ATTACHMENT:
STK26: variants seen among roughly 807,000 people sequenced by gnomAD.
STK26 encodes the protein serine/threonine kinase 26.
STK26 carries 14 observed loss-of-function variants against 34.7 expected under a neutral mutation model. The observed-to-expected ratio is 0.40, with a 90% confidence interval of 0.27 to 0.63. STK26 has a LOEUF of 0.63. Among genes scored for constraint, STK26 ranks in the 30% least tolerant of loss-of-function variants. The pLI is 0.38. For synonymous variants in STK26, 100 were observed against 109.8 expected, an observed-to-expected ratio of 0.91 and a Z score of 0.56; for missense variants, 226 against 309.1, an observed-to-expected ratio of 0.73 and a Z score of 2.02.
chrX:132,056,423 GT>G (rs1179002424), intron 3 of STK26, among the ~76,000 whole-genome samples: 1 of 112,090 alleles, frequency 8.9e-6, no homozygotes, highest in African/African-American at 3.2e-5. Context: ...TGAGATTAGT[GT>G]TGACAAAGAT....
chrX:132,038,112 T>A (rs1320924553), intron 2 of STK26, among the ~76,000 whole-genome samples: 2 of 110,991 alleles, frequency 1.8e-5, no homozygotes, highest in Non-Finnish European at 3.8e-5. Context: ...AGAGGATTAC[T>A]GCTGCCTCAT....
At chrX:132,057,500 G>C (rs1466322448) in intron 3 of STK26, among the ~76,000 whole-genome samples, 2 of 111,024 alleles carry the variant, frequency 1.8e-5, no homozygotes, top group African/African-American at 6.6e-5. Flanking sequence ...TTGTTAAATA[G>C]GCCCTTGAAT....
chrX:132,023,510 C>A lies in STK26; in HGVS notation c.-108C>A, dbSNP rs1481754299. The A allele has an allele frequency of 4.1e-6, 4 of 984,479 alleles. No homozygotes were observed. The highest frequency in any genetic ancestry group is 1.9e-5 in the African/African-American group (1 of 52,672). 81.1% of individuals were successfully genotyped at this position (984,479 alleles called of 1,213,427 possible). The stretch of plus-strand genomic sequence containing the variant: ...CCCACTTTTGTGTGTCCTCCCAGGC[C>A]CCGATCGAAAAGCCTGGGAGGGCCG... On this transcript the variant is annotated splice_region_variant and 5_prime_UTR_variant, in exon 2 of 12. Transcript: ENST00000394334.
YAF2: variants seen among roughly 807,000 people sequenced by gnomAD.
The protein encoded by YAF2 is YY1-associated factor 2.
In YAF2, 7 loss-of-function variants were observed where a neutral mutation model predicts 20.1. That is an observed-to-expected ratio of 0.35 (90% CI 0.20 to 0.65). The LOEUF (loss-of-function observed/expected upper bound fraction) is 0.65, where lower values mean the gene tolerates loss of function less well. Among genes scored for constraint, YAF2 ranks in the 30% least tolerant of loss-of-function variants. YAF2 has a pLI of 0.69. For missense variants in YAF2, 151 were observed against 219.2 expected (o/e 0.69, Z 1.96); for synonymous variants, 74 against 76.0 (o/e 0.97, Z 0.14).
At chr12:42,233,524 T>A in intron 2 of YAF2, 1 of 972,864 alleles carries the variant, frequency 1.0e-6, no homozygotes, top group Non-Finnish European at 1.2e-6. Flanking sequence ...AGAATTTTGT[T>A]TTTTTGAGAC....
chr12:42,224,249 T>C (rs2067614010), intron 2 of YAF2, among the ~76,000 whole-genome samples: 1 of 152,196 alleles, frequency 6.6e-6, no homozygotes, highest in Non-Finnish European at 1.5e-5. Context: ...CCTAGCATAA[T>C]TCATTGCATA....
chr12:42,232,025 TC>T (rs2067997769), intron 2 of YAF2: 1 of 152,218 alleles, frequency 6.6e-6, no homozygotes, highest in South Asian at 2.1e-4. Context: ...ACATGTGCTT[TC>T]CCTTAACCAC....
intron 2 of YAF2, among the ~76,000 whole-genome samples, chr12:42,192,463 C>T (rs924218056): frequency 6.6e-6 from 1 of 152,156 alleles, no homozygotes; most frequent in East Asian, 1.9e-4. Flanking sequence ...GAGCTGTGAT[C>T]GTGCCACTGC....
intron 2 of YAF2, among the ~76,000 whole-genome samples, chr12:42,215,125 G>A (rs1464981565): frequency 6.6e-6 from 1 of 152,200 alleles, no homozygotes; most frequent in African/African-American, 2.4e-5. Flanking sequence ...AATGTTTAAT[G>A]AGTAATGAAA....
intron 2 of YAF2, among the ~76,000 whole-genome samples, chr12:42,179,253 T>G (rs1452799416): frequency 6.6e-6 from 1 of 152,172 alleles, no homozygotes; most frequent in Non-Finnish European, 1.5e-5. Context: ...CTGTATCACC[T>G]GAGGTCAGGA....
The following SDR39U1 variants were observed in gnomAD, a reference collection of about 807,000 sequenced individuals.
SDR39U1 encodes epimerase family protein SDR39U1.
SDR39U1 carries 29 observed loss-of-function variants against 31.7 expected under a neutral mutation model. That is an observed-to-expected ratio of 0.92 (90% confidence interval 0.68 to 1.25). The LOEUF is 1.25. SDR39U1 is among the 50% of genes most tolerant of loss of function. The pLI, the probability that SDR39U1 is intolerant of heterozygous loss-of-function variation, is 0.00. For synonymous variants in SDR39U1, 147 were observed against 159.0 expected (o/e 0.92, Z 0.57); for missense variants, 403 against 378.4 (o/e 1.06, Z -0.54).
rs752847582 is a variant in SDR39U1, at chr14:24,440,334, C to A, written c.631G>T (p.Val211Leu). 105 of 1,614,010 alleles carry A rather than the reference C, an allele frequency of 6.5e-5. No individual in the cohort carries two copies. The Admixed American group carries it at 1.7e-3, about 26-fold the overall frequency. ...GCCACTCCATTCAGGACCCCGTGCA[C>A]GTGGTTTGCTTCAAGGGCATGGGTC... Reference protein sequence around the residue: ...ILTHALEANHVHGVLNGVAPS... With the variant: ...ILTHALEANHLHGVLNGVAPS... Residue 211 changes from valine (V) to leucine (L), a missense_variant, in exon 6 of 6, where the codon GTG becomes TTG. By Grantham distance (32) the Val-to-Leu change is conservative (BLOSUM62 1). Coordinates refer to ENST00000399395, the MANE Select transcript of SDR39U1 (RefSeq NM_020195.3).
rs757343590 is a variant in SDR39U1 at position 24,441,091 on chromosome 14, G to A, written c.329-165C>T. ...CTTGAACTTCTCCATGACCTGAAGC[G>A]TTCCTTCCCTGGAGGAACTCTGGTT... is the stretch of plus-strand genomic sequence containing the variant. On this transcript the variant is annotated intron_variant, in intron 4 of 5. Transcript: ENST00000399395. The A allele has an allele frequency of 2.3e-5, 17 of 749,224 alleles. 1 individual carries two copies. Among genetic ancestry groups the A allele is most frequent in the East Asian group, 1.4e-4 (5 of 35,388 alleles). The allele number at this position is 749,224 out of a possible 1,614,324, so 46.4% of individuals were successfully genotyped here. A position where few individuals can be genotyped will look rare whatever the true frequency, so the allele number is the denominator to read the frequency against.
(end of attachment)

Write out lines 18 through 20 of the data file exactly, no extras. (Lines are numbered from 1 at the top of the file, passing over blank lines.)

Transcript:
SDR39U1 encodes epimerase family protein SDR39U1.
SDR39U1 carries 29 observed loss-of-function variants against 31.7 expected under a neutral mutation model. That is an observed-to-expected ratio of 0.92 (90% confidence interval 0.68 to 1.25). The LOEUF is 1.25. SDR39U1 is among the 50% of genes most tolerant of loss of function. The pLI, the probability that SDR39U1 is intolerant of heterozygous loss-of-function variation, is 0.00. For synonymous variants in SDR39U1, 147 were observed against 159.0 expected (o/e 0.92, Z 0.57); for missense variants, 403 against 378.4 (o/e 1.06, Z -0.54).
rs752847582 is a variant in SDR39U1, at chr14:24,440,334, C to A, written c.631G>T (p.Val211Leu). 105 of 1,614,010 alleles carry A rather than the reference C, an allele frequency of 6.5e-5. No individual in the cohort carries two copies. The Admixed American group carries it at 1.7e-3, about 26-fold the overall frequency. ...GCCACTCCATTCAGGACCCCGTGCA[C>A]GTGGTTTGCTTCAAGGGCATGGGTC... Reference protein sequence around the residue: ...ILTHALEANHVHGVLNGVAPS... With the variant: ...ILTHALEANHLHGVLNGVAPS... Residue 211 changes from valine (V) to leucine (L), a missense_variant, in exon 6 of 6, where the codon GTG becomes TTG. By Grantham distance (32) the Val-to-Leu change is conservative (BLOSUM62 1). Coordinates refer to ENST00000399395, the MANE Select transcript of SDR39U1 (RefSeq NM_020195.3).